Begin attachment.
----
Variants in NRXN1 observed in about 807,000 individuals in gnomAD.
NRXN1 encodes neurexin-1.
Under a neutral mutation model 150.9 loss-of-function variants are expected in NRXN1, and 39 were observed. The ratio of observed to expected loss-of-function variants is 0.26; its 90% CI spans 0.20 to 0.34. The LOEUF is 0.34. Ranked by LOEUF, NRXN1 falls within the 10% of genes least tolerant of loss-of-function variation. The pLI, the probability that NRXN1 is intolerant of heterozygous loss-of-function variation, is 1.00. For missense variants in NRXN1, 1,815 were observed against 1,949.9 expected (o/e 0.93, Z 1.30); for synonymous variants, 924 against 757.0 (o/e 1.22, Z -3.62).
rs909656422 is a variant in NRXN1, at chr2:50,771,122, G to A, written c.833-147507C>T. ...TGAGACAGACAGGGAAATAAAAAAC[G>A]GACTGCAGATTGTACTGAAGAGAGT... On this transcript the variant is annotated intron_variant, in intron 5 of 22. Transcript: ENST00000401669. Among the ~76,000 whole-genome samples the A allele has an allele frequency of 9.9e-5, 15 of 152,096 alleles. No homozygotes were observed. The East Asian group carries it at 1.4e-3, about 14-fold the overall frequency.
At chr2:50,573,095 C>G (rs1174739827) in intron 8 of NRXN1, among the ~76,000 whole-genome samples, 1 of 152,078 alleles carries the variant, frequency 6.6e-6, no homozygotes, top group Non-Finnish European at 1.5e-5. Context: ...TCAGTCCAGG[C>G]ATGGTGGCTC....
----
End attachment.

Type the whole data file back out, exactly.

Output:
Variants in NRXN1 observed in about 807,000 individuals in gnomAD.
NRXN1 encodes neurexin-1.
Under a neutral mutation model 150.9 loss-of-function variants are expected in NRXN1, and 39 were observed. The ratio of observed to expected loss-of-function variants is 0.26; its 90% CI spans 0.20 to 0.34. The LOEUF is 0.34. Ranked by LOEUF, NRXN1 falls within the 10% of genes least tolerant of loss-of-function variation. The pLI, the probability that NRXN1 is intolerant of heterozygous loss-of-function variation, is 1.00. For missense variants in NRXN1, 1,815 were observed against 1,949.9 expected (o/e 0.93, Z 1.30); for synonymous variants, 924 against 757.0 (o/e 1.22, Z -3.62).
rs909656422 is a variant in NRXN1, at chr2:50,771,122, G to A, written c.833-147507C>T. ...TGAGACAGACAGGGAAATAAAAAAC[G>A]GACTGCAGATTGTACTGAAGAGAGT... On this transcript the variant is annotated intron_variant, in intron 5 of 22. Transcript: ENST00000401669. Among the ~76,000 whole-genome samples the A allele has an allele frequency of 9.9e-5, 15 of 152,096 alleles. No homozygotes were observed. The East Asian group carries it at 1.4e-3, about 14-fold the overall frequency.
At chr2:50,573,095 C>G (rs1174739827) in intron 8 of NRXN1, among the ~76,000 whole-genome samples, 1 of 152,078 alleles carries the variant, frequency 6.6e-6, no homozygotes, top group Non-Finnish European at 1.5e-5. Context: ...TCAGTCCAGG[C>G]ATGGTGGCTC....